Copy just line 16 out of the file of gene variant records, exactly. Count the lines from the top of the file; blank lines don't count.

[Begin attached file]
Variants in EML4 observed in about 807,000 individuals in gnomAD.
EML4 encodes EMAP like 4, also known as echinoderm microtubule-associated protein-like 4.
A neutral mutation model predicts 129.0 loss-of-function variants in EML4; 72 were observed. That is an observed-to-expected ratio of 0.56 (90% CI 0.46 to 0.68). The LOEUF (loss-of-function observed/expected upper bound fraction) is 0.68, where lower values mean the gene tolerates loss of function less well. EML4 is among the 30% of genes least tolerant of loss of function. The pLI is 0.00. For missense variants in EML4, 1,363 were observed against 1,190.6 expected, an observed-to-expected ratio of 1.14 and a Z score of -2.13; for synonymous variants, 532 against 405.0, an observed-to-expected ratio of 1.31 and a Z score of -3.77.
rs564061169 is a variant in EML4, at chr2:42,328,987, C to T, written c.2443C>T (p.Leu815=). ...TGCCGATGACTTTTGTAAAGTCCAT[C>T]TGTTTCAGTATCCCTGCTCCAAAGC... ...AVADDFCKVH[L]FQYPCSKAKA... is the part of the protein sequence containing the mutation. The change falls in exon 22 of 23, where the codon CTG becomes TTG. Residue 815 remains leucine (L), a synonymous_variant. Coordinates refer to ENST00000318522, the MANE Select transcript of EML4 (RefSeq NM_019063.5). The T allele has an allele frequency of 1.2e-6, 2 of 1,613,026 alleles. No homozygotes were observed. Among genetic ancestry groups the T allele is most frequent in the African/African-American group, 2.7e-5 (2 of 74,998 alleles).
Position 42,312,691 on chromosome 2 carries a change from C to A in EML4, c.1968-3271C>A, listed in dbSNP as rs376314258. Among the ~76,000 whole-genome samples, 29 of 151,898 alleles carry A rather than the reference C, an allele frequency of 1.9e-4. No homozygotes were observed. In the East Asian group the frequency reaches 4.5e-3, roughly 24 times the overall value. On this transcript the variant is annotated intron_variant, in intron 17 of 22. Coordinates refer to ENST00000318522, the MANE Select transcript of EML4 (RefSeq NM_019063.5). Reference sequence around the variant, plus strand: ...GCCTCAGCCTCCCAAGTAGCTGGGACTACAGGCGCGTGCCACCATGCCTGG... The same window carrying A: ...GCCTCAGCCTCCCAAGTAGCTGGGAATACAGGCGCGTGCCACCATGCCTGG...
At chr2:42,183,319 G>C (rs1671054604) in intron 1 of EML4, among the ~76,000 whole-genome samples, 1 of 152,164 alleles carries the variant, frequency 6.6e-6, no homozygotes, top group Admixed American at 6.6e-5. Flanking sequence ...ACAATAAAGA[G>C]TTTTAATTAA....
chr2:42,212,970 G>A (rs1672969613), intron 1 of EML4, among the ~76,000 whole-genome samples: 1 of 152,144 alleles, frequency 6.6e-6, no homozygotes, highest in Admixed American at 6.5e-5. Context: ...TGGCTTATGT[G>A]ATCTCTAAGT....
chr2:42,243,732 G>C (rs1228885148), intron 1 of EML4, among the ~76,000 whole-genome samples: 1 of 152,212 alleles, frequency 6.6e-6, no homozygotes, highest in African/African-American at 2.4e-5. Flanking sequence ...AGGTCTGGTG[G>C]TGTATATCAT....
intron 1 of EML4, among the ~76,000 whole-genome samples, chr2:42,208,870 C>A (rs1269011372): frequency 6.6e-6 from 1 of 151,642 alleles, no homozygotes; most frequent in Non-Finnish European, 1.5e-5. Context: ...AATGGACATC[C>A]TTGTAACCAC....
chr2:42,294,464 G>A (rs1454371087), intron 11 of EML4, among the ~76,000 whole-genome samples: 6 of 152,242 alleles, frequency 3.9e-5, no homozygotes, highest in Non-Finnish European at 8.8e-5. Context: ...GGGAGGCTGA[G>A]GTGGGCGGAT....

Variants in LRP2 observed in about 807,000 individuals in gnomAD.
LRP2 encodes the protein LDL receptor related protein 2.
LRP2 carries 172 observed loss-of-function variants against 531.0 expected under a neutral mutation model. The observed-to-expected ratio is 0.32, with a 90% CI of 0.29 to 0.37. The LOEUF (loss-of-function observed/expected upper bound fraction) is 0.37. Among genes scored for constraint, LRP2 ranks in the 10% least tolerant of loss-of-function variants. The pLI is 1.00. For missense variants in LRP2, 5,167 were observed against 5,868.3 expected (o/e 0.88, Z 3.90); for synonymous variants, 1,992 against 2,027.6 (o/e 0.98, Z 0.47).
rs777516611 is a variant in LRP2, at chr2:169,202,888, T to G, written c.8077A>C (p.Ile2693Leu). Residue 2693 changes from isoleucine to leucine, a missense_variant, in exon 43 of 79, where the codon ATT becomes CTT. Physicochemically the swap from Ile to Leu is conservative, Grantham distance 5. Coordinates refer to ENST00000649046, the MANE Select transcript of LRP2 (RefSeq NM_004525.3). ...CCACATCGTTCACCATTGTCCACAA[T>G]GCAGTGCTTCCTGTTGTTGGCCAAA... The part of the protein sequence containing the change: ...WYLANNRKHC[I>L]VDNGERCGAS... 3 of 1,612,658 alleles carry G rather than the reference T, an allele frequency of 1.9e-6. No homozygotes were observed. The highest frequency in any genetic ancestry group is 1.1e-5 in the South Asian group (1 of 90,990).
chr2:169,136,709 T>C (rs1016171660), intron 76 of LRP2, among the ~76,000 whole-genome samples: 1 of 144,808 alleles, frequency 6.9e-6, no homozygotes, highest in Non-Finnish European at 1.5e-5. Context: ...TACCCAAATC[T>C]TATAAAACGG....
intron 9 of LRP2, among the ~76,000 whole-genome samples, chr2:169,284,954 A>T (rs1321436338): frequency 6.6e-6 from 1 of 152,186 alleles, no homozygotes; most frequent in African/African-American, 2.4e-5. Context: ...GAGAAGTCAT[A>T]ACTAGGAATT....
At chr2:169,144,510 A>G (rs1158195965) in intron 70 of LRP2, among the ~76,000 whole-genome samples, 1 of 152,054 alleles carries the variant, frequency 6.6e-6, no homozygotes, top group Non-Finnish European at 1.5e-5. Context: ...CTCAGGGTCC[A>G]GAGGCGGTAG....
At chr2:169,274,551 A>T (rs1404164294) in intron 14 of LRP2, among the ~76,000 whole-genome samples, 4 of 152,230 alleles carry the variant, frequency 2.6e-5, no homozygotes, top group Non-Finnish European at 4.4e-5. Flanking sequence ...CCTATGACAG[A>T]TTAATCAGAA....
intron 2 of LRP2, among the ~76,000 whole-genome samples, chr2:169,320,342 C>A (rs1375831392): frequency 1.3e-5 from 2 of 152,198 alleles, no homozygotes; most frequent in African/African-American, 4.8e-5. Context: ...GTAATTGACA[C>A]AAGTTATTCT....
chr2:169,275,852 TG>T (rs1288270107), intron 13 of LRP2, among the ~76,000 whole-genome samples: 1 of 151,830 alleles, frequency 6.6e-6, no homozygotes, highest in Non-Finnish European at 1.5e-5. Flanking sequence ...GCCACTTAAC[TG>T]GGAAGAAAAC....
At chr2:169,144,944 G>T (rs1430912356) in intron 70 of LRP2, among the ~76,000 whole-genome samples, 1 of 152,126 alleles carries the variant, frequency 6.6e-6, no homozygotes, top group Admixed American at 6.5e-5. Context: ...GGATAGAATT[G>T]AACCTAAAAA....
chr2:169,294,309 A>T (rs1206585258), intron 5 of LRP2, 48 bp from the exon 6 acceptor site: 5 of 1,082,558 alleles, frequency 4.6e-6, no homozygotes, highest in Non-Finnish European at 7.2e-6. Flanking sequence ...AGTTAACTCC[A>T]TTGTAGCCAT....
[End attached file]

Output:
intron 9 of LRP2, among the ~76,000 whole-genome samples, chr2:169,284,954 A>T (rs1321436338): frequency 6.6e-6 from 1 of 152,186 alleles, no homozygotes; most frequent in African/African-American, 2.4e-5. Context: ...GAGAAGTCAT[A>T]ACTAGGAATT....